The following is a guest post from Justin Herbert, an education professional. As such he is interested in how technology is affecting education. His post discusses using "Mobile Response Codes," a term we've begun using internally to group the rapidly expanding print to web options; QRcodes, Microsoft Tags and [most importantly] digital watermarks to name just a few.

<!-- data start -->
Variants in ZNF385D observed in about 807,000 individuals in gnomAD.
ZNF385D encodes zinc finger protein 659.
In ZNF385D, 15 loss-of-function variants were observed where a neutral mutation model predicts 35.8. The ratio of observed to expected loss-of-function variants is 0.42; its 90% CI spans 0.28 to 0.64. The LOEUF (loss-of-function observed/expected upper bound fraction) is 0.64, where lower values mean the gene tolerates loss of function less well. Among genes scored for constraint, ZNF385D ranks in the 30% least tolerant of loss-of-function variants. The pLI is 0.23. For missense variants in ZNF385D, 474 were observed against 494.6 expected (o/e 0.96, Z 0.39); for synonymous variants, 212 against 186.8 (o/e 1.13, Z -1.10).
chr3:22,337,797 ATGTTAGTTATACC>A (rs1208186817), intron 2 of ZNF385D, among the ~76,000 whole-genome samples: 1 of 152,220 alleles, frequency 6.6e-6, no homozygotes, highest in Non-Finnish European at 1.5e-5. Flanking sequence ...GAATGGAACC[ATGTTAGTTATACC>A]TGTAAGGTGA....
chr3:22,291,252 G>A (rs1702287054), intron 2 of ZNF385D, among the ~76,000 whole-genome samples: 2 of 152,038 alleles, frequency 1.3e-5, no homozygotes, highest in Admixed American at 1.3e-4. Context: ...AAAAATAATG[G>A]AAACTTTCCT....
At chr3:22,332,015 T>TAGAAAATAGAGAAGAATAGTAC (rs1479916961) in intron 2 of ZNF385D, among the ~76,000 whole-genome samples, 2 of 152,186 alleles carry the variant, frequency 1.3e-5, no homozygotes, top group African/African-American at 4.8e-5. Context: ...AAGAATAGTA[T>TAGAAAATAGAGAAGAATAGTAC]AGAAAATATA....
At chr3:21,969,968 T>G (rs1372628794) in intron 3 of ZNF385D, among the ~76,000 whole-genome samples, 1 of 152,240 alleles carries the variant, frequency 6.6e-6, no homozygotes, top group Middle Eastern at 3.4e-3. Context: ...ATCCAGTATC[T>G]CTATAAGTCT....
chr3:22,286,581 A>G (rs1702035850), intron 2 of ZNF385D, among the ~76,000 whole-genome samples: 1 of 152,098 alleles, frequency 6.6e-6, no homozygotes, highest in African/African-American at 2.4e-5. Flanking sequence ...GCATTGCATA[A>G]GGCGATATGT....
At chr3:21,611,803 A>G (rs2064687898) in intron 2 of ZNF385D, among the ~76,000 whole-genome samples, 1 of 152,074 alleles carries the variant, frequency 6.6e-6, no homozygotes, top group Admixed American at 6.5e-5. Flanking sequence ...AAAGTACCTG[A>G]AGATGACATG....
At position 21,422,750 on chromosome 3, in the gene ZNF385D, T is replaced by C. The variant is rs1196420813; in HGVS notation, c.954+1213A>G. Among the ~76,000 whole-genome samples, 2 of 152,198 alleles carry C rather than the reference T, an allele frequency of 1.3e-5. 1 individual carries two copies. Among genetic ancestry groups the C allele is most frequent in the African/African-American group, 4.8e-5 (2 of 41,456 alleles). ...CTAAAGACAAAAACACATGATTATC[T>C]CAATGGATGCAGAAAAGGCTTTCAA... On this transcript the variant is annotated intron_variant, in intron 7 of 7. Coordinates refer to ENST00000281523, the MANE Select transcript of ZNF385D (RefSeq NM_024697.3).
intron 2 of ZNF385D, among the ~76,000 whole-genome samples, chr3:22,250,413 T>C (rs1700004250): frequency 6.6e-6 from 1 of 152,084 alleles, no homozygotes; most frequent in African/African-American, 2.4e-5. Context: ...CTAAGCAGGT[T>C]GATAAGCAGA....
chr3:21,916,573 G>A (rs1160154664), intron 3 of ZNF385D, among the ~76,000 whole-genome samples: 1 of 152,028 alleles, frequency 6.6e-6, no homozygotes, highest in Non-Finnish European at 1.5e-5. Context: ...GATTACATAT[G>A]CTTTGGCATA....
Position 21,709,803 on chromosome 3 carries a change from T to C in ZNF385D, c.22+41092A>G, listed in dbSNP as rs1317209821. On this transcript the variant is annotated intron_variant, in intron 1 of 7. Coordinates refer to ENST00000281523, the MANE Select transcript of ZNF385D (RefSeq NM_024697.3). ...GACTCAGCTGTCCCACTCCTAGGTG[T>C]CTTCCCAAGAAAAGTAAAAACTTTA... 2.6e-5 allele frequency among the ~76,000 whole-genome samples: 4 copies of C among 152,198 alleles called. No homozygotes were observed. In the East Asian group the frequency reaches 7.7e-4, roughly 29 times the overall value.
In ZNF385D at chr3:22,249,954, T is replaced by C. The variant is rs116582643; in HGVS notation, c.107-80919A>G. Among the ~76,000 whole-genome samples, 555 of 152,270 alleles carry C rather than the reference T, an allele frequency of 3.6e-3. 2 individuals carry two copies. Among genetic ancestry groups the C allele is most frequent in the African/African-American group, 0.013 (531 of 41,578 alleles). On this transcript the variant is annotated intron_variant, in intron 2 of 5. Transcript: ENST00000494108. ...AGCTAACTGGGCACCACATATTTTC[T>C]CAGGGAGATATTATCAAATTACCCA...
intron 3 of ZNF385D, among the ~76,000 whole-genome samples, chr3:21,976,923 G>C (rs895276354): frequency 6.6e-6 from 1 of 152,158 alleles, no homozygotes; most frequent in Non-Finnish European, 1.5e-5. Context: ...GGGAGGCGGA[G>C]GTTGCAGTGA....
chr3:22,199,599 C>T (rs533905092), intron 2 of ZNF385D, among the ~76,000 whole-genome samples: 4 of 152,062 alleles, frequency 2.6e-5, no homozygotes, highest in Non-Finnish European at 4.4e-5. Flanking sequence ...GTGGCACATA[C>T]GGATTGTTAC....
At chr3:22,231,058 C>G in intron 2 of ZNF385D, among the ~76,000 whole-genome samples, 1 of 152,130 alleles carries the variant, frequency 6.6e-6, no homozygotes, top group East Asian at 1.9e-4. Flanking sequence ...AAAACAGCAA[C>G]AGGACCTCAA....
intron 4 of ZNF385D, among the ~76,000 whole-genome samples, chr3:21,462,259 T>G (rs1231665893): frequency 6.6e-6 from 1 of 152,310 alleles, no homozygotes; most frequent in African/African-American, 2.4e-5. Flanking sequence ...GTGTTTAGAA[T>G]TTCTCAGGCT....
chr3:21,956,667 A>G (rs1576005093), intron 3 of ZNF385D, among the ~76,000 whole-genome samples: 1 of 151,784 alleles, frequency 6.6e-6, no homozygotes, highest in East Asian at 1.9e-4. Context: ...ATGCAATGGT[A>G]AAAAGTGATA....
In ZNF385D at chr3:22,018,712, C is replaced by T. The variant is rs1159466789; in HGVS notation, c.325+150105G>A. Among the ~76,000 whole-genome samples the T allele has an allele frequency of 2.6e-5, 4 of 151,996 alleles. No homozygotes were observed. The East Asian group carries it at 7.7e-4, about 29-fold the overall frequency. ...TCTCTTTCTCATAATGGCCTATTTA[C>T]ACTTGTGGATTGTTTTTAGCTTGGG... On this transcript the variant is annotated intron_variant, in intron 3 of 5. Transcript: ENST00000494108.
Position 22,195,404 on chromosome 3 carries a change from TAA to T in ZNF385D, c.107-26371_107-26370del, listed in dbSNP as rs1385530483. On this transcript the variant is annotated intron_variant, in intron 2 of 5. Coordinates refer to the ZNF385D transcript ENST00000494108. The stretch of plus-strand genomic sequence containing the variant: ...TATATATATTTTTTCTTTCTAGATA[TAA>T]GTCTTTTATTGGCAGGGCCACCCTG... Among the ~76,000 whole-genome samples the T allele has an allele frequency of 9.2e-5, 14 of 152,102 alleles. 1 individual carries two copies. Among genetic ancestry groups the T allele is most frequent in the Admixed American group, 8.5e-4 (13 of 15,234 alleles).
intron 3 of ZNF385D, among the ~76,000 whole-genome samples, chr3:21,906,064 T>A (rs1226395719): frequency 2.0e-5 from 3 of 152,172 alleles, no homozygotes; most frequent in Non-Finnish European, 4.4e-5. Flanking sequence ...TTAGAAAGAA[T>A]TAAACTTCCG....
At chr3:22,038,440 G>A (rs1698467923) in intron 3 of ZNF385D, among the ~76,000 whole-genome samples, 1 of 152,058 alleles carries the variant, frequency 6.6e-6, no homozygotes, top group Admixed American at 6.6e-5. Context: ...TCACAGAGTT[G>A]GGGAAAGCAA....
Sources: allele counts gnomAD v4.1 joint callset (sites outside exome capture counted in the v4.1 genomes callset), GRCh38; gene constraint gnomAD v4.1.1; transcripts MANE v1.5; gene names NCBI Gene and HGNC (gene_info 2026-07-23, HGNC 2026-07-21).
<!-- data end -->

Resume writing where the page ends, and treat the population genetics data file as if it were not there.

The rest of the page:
Technological advances in cellular capabilities, web applications, and interactive content storage have led to the creation of digital watermarks and quick response (QR) codes. QR codes are two-dimensional bar codes that users can scan with a webcam or smartphone app, such as QR Droid or Red Laser, that lead directly to interactive content. Digital watermarks work in a similar fashion, but offer a more aesthetically pleasing layout. Invisible to the naked eye, but perceptible by your smart phone, digital watermarks provide a sleeker, visually pleasing look and can be used by simply pointing your smart phone at the watermarked content of interest and using the associated app.